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Assembly Passes Johnson’s Pond Protection Bill


[CREDIT: Rob Borkowski] The RI State House.
Editor’s note: The following information was provided by the Legislative Press and Public Information Bureau.

STATE HOUSE – Sen. Leonidas P. Raptakis’ (D-Dist. 33, Coventry, East Greenwich, West Greenwich) legislation (2022-S 2181A) that would grant the Department of Environmental Management (DEM) the authority to restore water levels in Johnson’s Pond was passed by the General Assembly today.

The legislation would require that any person operating or owning a dam with a storage capacity greater than 1,400 normal storage acre feet of water to obtain a permit from DEM to raise or lower the water level behind the dam.  The legislation would apply to ponds in similar circumstances across the state and does not apply to dams that impound water for a public water supply system.

According to Senator Raptakis, Johnson’s Pond is a major ecological and recreational resource, the hydrology of which has had major impacts on communities and property owners throughout the Kent County region.

“Johnson’s Pond is a regulated wetland that exists in part on private property, just like most of the other wetlands that DEM regulates. In the past, DEM and the Coventry Emergency Management Agency have, through trained meteorologists, assisted in guiding the water levels of the pond at times of significant anticipated events. Johnson’s Pond is too important and impactful a resource to permit important decisions in time of emergency to be made by untrained laypeople,” he said.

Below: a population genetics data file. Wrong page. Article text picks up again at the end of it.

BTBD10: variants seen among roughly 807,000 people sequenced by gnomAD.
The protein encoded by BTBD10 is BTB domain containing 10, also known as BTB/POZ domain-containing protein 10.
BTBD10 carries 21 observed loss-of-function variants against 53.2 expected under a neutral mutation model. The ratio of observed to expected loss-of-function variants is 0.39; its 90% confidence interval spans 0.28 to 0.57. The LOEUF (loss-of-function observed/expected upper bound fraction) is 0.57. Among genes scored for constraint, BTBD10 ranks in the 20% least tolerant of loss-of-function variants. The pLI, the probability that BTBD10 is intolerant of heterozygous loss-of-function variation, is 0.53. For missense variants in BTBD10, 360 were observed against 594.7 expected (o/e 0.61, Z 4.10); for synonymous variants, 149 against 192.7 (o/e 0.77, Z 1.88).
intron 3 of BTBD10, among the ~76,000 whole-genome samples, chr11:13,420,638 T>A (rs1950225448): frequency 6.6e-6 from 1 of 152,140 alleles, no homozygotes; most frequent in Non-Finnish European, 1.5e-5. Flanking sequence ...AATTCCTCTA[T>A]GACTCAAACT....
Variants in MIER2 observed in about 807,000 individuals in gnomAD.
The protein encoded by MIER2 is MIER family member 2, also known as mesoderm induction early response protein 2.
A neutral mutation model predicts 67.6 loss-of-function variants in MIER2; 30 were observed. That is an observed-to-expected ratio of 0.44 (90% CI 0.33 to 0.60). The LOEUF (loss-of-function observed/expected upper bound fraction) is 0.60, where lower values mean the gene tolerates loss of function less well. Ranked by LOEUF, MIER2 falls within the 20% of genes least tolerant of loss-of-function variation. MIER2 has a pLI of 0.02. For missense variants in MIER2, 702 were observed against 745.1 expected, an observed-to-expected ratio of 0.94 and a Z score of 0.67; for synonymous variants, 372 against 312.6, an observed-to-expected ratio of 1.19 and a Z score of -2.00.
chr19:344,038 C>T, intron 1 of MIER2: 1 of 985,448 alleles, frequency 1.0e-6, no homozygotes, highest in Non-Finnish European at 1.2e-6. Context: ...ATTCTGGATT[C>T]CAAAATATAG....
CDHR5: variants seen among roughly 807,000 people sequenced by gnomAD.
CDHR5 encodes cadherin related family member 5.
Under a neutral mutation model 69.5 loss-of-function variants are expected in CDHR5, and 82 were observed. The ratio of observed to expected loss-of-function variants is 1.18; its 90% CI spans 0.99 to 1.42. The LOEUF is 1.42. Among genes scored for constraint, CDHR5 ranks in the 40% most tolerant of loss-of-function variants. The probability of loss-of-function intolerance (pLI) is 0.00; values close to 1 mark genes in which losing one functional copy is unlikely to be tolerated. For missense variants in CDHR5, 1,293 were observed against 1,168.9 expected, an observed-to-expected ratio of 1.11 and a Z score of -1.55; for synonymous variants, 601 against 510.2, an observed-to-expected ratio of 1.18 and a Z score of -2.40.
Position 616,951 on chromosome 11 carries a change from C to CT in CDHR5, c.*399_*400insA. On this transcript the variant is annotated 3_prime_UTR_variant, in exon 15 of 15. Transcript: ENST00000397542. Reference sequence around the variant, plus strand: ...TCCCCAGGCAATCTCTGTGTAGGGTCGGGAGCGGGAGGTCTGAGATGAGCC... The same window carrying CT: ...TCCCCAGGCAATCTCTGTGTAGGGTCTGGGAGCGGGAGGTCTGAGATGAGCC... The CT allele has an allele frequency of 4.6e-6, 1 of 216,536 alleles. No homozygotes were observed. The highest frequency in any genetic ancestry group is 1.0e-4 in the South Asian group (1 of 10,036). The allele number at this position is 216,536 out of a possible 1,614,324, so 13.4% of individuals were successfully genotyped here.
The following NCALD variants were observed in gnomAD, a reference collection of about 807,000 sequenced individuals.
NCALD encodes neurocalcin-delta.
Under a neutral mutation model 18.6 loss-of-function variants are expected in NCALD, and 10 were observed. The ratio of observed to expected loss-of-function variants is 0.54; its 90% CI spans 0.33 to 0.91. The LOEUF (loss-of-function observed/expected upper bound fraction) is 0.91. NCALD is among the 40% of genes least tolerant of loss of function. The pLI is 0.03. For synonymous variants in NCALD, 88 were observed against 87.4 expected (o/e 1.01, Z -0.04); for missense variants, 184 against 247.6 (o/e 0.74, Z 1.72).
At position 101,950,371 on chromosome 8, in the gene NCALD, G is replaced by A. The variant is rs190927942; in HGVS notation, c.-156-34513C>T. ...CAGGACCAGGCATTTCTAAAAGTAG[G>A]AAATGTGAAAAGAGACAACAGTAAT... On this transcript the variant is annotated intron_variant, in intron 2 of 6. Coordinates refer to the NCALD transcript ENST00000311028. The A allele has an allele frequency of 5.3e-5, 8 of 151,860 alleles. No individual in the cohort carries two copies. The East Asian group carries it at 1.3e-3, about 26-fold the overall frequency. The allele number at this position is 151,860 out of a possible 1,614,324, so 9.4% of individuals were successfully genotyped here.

He continued, “This is the due and proper function of government. The Johnson’s Pond Association, along with the town of Coventry, thank the Senate for passing this legislation aimed at protecting an important state water asset and its vibrant ecosystem.  Passing this bill will help to mitigate against purposeful flooding of the Pawtuxet River which impacts at minimum five communities and approximately 240,000 residents and preserve access to Johnson’s Pond for the 600 homeowners living on or in close proximity to the pond.”

Last August, the pond’s owner, Soscia Holdings LLC, drained the pond to the point where docks were over little more than mud and homeowners reported dying fish and turtles. They then unleashed water during a tropical storm a month later, creating the potential for causing flooding down river. For the first time last year, residents of the pond reported the presence of toxic blue-green algae, which had never been present there before Soscia started dramatically altering water levels.

“Soscia Holdings is behaving like environmental terrorists, taking drastic actions to manipulate water levels as a means of punishing residents who dare to complain about the company’s actions,” said Senator Raptakis. “They’ve sought to limit residents’ access to the area by putting up gates, called the police to try to stop people from enjoying the pond, filed frivolous suits and even threatened to turn the pond into a solar panel farm. There’s not a wetlands area this company wouldn’t trash if it meant putting money in their pockets.”

 Raptakis said this was not only a matter of residential property rights but a major environmental concern that he believes DEM should properly investigate.  He stated that it’s a health issue now that the water level has dropped so much because the water level causes problems with well water.  Senator Raptakis also pointed out that Big River in West Greenwich, Mapleroot Pond and Reynolds Pond, both in Coventry, all have extremely low water levels now due to the effects of the situation at Johnson’s Pond.

 Rep. Thomas E. Noret (D-Dist. 25, Coventry, West Warwick) introduced the bill (2022-H 8205) in the House and the legislation now heads to the governor’s desk for consideration.

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